A couple of interesting news items came out in the past few days. One, a research report showing how expensive treatment is for childhood mental issues. It also showed that in 2006 over 13 million children were treated for asthma at a cost of $8 billion.
The other a study that finds more Americans than ever are taking some sort of prescription for mental illness – 73% more than in 1996.
What’s interesting, apart from the fact that we seem to be overmedicating as a society, is that the numbers of patients and the costs of treatments spell hundreds of billions in profits for healthcare and drug makers.
Taking a look at the eleven largest, we find that their market caps total almost $900 billion. That’s a trillion dollars in market value within a handful of companies.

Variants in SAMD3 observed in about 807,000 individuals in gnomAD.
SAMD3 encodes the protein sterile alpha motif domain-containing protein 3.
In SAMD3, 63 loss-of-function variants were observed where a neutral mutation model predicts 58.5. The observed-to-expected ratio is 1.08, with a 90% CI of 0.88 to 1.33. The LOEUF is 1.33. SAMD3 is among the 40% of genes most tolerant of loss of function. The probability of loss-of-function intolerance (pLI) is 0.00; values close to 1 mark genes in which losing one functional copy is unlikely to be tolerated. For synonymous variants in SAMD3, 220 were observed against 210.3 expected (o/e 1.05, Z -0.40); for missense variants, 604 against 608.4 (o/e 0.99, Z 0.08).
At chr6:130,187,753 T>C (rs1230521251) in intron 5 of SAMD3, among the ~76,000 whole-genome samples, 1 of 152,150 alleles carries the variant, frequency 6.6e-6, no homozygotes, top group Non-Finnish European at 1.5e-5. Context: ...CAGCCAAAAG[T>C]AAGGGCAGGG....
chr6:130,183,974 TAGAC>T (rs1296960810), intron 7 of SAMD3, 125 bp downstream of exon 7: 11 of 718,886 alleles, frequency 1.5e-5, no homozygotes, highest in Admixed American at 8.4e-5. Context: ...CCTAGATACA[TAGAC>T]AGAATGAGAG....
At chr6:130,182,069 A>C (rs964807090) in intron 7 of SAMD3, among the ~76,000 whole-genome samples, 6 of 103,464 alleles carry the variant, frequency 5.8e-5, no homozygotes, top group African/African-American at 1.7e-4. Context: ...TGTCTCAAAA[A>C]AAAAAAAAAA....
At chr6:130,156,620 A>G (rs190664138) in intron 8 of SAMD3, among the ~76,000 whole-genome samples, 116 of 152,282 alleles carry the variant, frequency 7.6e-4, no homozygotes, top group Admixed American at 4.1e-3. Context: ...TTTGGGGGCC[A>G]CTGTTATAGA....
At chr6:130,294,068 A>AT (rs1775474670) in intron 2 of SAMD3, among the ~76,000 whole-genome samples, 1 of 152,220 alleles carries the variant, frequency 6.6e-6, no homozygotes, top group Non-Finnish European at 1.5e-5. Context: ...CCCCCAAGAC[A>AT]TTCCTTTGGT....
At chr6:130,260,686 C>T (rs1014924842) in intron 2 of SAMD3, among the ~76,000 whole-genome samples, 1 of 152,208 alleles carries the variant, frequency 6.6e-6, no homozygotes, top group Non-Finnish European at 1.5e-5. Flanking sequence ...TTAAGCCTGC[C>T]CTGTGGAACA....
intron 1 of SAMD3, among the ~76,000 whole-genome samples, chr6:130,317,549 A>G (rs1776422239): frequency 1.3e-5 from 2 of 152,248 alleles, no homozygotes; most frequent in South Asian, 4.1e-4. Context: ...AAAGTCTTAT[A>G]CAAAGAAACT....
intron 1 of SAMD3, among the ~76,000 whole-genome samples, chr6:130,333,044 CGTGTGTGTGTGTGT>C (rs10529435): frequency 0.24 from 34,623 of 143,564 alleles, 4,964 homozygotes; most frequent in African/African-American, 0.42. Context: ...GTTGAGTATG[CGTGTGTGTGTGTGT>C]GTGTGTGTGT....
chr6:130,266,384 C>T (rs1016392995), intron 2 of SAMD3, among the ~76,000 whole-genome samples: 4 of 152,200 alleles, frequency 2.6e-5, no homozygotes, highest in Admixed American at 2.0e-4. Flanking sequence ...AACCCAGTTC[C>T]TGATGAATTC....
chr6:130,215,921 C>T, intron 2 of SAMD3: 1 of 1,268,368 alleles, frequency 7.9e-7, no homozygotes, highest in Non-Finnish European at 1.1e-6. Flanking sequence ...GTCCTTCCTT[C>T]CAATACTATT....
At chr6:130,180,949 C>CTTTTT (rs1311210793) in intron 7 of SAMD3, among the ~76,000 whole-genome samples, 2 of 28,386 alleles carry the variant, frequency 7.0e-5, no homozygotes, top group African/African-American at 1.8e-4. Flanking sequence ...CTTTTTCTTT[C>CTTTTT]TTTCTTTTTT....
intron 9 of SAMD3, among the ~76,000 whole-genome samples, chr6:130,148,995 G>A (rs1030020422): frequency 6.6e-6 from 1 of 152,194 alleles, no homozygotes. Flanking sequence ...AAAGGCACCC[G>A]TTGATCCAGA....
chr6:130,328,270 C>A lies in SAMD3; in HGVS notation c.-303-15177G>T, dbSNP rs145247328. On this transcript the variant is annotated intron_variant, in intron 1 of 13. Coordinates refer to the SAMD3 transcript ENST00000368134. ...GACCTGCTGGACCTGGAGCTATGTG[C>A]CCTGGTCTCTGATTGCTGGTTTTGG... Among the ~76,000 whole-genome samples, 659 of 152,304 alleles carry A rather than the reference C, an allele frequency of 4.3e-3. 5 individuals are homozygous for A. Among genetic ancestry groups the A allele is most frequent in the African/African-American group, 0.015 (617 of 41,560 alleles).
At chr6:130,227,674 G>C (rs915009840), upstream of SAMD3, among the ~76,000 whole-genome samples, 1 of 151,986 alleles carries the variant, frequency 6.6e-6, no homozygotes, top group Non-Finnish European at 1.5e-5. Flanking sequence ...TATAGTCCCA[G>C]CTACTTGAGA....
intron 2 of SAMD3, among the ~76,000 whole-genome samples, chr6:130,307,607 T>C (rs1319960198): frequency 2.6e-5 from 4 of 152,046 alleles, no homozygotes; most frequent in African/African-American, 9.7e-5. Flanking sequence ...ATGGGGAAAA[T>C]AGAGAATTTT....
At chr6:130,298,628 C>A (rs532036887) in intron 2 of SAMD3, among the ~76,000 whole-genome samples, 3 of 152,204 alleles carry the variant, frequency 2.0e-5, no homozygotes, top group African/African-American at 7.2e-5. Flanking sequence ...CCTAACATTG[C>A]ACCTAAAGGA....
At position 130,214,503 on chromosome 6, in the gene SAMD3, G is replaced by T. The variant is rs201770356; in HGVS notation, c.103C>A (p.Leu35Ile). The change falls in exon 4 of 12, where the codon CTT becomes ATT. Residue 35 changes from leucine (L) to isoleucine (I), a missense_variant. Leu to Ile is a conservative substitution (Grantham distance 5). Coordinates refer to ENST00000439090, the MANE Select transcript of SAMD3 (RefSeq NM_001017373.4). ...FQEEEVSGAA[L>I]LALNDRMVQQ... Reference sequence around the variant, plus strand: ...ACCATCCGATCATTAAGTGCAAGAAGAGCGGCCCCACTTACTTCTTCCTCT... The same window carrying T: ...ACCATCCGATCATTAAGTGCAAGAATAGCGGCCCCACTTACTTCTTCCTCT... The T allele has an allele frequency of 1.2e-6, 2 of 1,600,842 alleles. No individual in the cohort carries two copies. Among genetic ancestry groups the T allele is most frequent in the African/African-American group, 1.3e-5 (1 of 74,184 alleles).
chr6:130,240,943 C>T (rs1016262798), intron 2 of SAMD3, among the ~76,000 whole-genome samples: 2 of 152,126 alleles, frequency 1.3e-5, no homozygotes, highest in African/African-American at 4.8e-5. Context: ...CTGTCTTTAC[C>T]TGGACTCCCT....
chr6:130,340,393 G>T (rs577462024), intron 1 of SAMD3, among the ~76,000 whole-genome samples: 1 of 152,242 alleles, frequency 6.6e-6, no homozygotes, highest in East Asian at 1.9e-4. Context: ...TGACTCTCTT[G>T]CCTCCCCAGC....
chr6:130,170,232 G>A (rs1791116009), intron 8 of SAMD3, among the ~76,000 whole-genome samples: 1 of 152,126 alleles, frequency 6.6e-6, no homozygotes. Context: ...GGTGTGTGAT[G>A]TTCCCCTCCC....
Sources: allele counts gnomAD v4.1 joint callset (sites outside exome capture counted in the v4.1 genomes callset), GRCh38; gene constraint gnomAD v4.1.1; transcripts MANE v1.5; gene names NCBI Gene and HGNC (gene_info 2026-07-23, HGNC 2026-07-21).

Merck and Co. (NYSE: MRK), Schering-Plough (NYSE: SGP), GlaxoSmithKline ADR (NYSE: GSK), Bristol Myers Squibb (NYSE: BMY) Sanofi-Aventis ADR (NYSE: SNY), AstraZeneca ADR (NYSE: AZN), Johnson & Johnson (NYSE: JNJ), Roche Holding Ltd ADR (OTC: RHHBY) Novartis AG ADR (NYSE: NVS), Eli Lilly & Co (NYSE: LLY) and Wyeth (NYSE: WYE) represent a powerhouse of pharmaceuticals and drug development.
And while we’ve talked before about the potential for mega-mergers, looking at the size of the playing field one discovers that for the most part, these companies are relatively the same size.
The question is whether by merging, and growing larger they will be able to cut redundant overhead for these transactions to make sense. Is there a market cap size where these firms are able to run most effectively, most efficiently, and most profitably?